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The NFL hasn't seen the league schedule expand since the 16-game schedule was implemented in 1978, which is about to change 43 years later. Starting in 2021, the NFL will implement a 17-game schedule for the first time -- one that will change the game and the league's record books.

Adding an extra game will put some hallowed NFL records in jeopardy, especially in a passing league where records are in danger of being surpassed every year. The league didn't experience record-breaking stats immediately when the schedule expanded from 14 games to 16 games, but some significant records were broken over the next decade that change the face of the NFL forever. 

The 17-game schedule should have a similar impact, with several single-season records in danger as a result. Here are five significant NFL records in peril with the 17-game schedule in place: 

Passing yards

Current record: Peyton Manning -- 5,477 (2013)

NFL quarterbacks have rewritten the record rooks over the past decade in the passing yards category. Twelve times quarterbacks have thrown for over 5,000 yards in a season, with 10 occurrences happening over the past 10 years. Manning set the mark in 2013, surpassing Brees throwing for 5,476 yards in 2011 -- a year in which three quarterbacks threw for 5,000 yards. 

Manning's record will be challenged in a 17-game season, giving a prolific passer another 300 yards to surpass him. Patrick Mahomes averaged 316 passing yards per game in 2020, which equates to 5,372 yards in a 17-game season -- just short of Manning's record.

To pass Manning, quarterbacks have to average 322 passing yards per game -- which has been accomplished eight times in NFL history. In a league where passing numbers continue to rise, Manning's record will be in jeopardy over the next several years. 

Rushing yards

Current record: Eric Dickerson -- 2,105 (1984)

Much like passing yards, the single-season rushing yards record is in jeopardy -- and has been over the last decade. Despite the NFL bell cow running back going by the wayside, Adrian Peterson and Derrick Henry have challenged Henry's mark for most rushing yards in a season. Peterson rushed for 2,097 yards in 2012 -- his MVP season -- and Henry recorded 2,027 rushing yards in 2020. A 17th game would have put Peterson past Dickerson and Henry would have challenged the mark.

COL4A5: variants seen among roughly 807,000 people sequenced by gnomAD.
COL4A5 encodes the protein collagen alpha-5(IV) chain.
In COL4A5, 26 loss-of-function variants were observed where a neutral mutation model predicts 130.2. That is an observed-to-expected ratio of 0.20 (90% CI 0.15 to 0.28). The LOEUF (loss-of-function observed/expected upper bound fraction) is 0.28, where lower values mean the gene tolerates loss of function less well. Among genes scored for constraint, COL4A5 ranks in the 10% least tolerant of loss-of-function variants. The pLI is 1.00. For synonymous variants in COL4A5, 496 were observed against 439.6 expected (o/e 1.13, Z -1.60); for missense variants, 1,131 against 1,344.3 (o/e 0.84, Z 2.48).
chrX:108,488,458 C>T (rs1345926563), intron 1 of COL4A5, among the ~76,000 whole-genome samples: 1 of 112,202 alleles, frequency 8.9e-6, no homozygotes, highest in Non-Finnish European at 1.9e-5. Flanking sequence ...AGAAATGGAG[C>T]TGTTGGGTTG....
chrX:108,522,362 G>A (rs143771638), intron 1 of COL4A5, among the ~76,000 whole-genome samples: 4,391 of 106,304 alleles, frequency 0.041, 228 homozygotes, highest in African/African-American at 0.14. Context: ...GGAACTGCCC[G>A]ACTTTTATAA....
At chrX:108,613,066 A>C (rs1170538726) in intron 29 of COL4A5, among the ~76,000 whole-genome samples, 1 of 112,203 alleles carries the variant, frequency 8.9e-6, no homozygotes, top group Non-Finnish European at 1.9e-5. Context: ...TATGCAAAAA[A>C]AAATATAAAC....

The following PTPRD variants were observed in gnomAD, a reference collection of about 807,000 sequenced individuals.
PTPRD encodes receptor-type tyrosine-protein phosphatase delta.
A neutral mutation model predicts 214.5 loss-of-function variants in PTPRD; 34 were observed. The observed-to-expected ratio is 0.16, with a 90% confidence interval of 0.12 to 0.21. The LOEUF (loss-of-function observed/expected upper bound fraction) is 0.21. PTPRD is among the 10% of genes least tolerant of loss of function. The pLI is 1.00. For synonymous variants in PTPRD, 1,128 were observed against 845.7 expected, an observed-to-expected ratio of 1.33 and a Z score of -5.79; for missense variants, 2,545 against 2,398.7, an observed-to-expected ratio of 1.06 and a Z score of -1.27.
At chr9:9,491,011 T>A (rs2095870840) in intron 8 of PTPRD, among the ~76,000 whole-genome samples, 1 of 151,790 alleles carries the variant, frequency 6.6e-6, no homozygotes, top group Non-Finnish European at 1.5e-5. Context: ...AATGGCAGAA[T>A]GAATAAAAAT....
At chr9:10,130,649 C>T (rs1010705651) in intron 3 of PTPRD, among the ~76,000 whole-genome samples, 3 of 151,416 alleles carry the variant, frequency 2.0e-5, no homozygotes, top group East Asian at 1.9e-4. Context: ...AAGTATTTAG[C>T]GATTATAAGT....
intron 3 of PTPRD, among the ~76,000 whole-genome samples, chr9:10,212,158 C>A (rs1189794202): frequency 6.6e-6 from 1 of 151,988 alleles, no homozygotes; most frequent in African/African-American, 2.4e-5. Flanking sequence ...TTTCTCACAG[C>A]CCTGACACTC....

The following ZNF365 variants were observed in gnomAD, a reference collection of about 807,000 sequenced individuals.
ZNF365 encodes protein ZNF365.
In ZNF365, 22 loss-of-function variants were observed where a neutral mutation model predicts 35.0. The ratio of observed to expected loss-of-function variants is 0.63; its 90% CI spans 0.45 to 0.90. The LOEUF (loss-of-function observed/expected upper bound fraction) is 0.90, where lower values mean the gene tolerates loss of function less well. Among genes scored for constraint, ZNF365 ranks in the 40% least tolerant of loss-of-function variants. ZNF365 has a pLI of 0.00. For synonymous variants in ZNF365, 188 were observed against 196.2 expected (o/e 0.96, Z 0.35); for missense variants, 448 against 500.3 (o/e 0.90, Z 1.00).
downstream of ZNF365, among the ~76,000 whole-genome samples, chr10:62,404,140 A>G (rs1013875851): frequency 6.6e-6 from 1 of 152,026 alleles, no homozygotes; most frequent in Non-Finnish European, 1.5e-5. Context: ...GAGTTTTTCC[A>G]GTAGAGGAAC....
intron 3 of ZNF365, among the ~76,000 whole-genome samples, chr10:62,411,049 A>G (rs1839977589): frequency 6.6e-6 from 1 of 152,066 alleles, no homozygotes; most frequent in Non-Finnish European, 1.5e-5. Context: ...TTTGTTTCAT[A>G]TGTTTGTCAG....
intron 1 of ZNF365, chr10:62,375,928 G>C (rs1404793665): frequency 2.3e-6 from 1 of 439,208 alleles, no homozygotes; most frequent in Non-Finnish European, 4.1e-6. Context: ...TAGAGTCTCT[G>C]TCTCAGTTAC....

Peterson averaged 131.1 rushing yards per game in 2012, which would have given him 2,228 yards that year (17-game season). Henry averaged 126.7 rushing yards per game last season, which would have given him 2,153 yards in a 17-game season. 

If Henry is in his prime, Dickerson's record will be challenged. 


Current record: Michael Thomas -- 149 (2019)

Chalk this mark up as one that is the most likely to be passed with the league concentrating on a short passing game and wide receivers putting up reception numbers left and right. Thomas broke Marvin Harrison's record of 143 catches that stood for 17 years in 2019 -- but his record will be challenged right away. 

Seven times receivers have caught 125 passes in a season -- six times since 2014 (Thomas and Antonio Brown have done it twice). The NFL reception mark has been challenged over the past five years, with Thomas finally surpassing Harrison's feat. 

A receiver will need to average 8.76 catches in a 17-game season to pass Thomas (he may be the one to break his own record), and there may be a few players in striking distance of the mark in Week 18. Don't be shocked to see a lot of targets their way in the final weeks of the year. 

Receiving yards

Current record: Calvin Johnson -- 1,964 (2012)

Johnson's receiving yards record may be the most impressive on this list, considering he's the only player to record 1,900 yards in a season. This record would have been nearly impossible to top in a 16-game season, but adding that 17th game makes it breakable. 

Julio Jones had 1,871 yards in 2015, averaging 116.9 yards per game. Keeping up that average in a 17th game would give Jones 1,987 yards that year -- surpassing Johnson's mark. Antonio Brown finished with 1,834 yards in that same season (114.6 yards per game) and would have fallen 16 yards shy of Johnson on that pace. However, this isn't factoring in a potential big game since Brown would have been in striking distance heading into Week 18. 

Thomas finished with 1,725 yards in 2019 and Brown had 1,698 yards in 2014. Both would have been long shots with a 17th game, but a receiver still would have a chance to pass Johnson. Reaching Johnson's record is difficult, but more wideouts will have an opportunity with an extra game added to the schedule. 


Current record: Michael Strahan -- 22.5 (2001)

Strahan's sacks record has been challenged on multiple occasions since he set the mark, although no player has been able to get that half a sack to match him. Jared Allen had 22 sacks in 2011 and Justin Houston also reached 22 in 2014. An extra game would have given them a great opportunity to pass Strahan and dethrone him of his record. 

Aaron Donald finished with 20.5 sacks in 2018, so a 17th game would have put him in an excellent position to match Strahan. Ditto for J.J. Watt in 2012 and 2014 (20.5 sacks) and Shaquil Barrett in 2019 (19.5). All these players have the potential for multi-sack games, which would put Strahan's mark on notice in Week 18. 

The sack record may not be broken immediately, but it will be challenged over the next few years.